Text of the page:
fionabayrock (fionabayrock) wrote in bubblestampede,
fionabayrock
fionabayrock
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Promo So Far?


So, now you know a little about us and our books and
what Bubble Stampede is all about, let's get talkin' promotion!   
  
Oh, and to help readers know who's speaking, today,
Laura is
blue and Fiona is green.  If that doesn't work
so well, we'll try something else next time. 
  
Here's where we're at so far… 
   
1. Contact the editor - to get contact information for the marketing and promotion person – Check. Check.  
   
2. Initiate a conversation with publisher's marketing & promo people –  
  
Laura: Check. Maybe conversation is too strong a word. I emailed the publicity person, per my editor, but I never got a response. I guess I'd better send a follow-up email. Ugh. I always feel pushy doing stuff like this. I know, I know! Unreasonable. But true.  
  
Ew.  I know what you mean. But, hey, said PR person could have been away on vacation---it's that time of year---or maybe your email addy got caught in a spam filter or something.  After a reasonable time, follow up is good. You're not being pushy, you're being professional. [cheers of encouragement from the Peanut Gallery] 
 
OK, I'm going to reread this right before I send a follow-up email. I'm putting it on my Tasks list for tomorrow! Thanks:>)
 
Added later: I did it! I did my follow-up email this morning and had a response from the publicist this afternoon. She apologized for taking so long and was very nice. She sent me the list of Clarion's basic "how we publicize new books" tasks, which I'll be thinking about in great detail in the next week. And offered to send review copies to personal contacts, etc. Yea! Thanks for nudging. She also talked very briefly about their general plan for Stampede in particular.
  
Woohoo!  Great news!  :^)   Hmm...sounds like we should talk about "personal contacts" at some point...like how to tell which personal contacts make good reviewers, etc. 
 
Fiona: Check. Waiting to hear back. The marketing folks asked for a promotion wish list and a list of my plans.  I've turned those in, along with an Author Questionnaire, which they'll use to help determine the marketing plan for my book. For the next month or so, the marketing folks will be head down working out marketing budgets and plans for the Spring list.   
  
They asked for a wish list? Lucky you! That's awesome. 
 
Yeah, I thought it was pretty cool, too. (This publisher has always been really thoughtful…it seems to be a significant part of the corporate culture.) I know their budget is limited---what publisher's isn't, right?---so they won't be able to do everything, or even most things on my wish list, but they share my enthusiasm for making the book as successful as possible with the promo $$ available, so I know they'll do what they can. 
  
3. Contact the illustrator – The illustrators own the copyright to the artwork, so any promotion we do involving art from our books *must* have the illustrator's permission. –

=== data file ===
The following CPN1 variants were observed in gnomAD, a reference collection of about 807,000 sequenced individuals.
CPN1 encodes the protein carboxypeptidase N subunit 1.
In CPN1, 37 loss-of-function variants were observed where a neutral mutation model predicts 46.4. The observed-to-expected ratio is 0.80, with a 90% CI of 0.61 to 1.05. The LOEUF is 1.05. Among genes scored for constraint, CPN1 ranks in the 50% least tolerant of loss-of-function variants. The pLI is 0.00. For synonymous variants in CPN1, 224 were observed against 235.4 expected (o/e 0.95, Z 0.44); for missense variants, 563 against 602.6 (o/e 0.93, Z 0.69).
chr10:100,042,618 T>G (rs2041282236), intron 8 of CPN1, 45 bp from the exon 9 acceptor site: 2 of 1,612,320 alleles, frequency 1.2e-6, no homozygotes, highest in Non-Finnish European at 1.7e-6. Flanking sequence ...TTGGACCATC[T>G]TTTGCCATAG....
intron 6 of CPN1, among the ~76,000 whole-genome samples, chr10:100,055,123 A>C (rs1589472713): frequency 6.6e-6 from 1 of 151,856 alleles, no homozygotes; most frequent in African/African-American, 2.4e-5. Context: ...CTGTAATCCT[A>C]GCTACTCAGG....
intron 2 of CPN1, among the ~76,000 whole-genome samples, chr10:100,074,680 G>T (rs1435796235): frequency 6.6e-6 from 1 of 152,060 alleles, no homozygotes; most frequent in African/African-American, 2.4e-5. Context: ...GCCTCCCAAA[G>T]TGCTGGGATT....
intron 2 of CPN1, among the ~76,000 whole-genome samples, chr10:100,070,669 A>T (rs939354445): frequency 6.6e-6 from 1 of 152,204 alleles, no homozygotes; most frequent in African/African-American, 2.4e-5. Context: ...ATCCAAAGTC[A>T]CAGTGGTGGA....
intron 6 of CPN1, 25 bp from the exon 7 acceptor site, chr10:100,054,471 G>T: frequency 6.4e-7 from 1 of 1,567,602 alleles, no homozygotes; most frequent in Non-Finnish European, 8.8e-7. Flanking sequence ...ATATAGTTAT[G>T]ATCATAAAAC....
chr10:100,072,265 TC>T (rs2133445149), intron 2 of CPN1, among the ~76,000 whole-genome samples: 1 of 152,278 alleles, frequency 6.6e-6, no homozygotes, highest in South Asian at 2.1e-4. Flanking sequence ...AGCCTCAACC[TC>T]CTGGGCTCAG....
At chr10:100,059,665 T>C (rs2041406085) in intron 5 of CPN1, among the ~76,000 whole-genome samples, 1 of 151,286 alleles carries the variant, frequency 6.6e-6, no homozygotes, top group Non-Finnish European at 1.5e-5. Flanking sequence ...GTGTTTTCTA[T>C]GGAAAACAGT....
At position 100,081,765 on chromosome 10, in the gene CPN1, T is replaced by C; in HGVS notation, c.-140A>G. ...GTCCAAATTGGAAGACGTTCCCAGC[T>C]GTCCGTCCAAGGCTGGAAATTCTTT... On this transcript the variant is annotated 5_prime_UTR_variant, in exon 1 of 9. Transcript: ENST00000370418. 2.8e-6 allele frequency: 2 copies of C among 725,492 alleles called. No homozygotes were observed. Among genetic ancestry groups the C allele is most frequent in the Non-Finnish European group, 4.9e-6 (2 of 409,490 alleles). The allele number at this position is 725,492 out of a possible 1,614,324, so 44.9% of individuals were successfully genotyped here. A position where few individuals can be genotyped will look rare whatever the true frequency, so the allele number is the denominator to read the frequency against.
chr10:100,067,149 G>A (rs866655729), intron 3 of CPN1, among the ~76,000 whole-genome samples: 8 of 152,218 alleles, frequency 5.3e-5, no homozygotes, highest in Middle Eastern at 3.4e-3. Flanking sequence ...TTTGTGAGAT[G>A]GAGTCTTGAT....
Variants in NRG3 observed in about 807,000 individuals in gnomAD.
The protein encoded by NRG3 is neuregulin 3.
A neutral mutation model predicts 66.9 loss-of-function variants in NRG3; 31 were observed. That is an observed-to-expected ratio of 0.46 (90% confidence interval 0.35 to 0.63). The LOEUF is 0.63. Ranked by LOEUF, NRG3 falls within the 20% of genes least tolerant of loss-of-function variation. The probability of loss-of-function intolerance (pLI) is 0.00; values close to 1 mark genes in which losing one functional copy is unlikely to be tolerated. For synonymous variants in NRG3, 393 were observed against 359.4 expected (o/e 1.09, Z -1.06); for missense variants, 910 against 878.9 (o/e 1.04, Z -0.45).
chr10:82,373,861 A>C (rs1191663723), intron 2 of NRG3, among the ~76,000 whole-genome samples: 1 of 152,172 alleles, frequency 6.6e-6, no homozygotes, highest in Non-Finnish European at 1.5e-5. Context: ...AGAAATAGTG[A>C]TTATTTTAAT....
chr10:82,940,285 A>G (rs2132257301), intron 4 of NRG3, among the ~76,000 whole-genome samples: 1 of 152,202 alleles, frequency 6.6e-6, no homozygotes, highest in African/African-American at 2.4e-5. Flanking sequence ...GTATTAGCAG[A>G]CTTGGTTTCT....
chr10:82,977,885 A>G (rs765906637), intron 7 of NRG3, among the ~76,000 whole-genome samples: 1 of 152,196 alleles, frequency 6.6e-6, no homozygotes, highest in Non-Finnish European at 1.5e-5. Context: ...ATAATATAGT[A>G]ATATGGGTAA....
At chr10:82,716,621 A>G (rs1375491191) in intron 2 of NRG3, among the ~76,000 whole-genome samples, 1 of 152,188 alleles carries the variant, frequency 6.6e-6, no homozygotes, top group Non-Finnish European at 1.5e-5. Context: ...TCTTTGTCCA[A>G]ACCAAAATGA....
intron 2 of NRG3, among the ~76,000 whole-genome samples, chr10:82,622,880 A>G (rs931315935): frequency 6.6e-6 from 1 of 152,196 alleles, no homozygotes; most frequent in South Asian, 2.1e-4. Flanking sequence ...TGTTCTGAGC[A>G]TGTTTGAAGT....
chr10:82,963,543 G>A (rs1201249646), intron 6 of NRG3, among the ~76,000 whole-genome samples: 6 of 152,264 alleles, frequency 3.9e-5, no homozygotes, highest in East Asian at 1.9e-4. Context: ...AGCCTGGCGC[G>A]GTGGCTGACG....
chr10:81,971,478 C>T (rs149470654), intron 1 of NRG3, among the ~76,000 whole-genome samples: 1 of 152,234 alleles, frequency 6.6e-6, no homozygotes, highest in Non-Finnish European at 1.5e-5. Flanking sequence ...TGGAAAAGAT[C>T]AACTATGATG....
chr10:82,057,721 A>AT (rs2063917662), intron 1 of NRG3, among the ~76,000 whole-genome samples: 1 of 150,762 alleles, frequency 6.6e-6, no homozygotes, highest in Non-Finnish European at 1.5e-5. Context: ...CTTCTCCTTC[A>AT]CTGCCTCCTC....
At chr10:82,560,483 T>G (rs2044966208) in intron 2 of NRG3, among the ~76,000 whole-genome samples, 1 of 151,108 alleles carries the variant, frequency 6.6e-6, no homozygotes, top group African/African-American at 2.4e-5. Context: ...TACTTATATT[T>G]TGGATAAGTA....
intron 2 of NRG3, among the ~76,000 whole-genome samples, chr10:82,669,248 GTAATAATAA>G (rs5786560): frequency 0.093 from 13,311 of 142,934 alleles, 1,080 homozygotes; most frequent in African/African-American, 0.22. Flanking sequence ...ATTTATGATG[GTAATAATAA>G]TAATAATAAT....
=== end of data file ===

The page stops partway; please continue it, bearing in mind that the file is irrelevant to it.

Laura: Check. Steven gave me very generous and specific guidelines for using the images (I love that! That way I know exactly where I stand). I've figured out which spreads I most want to feature online and have emailed him to ask for high-rez images.  
  
Oh, oh, good idea! [Fiona madly scribbles in notebook to email her illustrator about possible hi-res images] 
 
Fiona: Check. Same here, but Carolyn (my illustrator) didn't give any specifics...more like a blanket permission to use the art for promotional purposes. Although that means I'm not obligated to get her permission for each thing I do, it's important to me that she's okay with how I use her art, so I'll probably run promotional pieces past her anyway. And that way, if she wants to piggyback and use some of my promotional creations, she can. 
 
I'm curious...what kind of guidelines did your illustrator provide? 
  
Ooh, let me go back and look. OK, here we go. I won't list them all, but it was stuff like this:
On your own website I request:
-no limit on the number of images from the book for use on your web site.
-that I am credited as the illustrator "illustrations ©2009 Steven Salerno" 
-that any image you use cannot be "flopped", cropped, modified or altered in any way.
And there was a bit more, plus stuff about printed material. I love having the specifics, so that I don't worry I'm overstepping the boundaries. Without such detailed guidelines, I'd be thinking, "Well, I'd like to do this, but I'm not sure if it's ok with Steve, and I hate to email him AGAIN about it," blah, blah, blah. So I really appreciated all those details.
 
It's really great to get it all ahead of time, too, so you don't waste effort creating something and then find out after the fact he doesn't approve.
 
Um...[feeling a bit sheepish] what's "flopping"? 
 
That just means if the elephant is on the left and the bumblebee is on the right in the original art/image, it shouldn't be flopped (via Photoshop or other image-editing tools) so that the bumblebee's on the left and the elephant's on the right. 
 
Gotcha.
 
4. Set a budget – 
Fiona: Not yet.  
Laura: Check. $1500    
   
5. Put out feelers and proposals – to speak at various writing conferences next year, and propose articles on writing to which an author bio (including book title) could be attached.  Check.  Check.  More about this in future posts.  
  
6. Contact the book launch venue – Now this one turned into quite the unexpected discussion. See Monday's post for that!
 
Tags: illustrator, marketing dept
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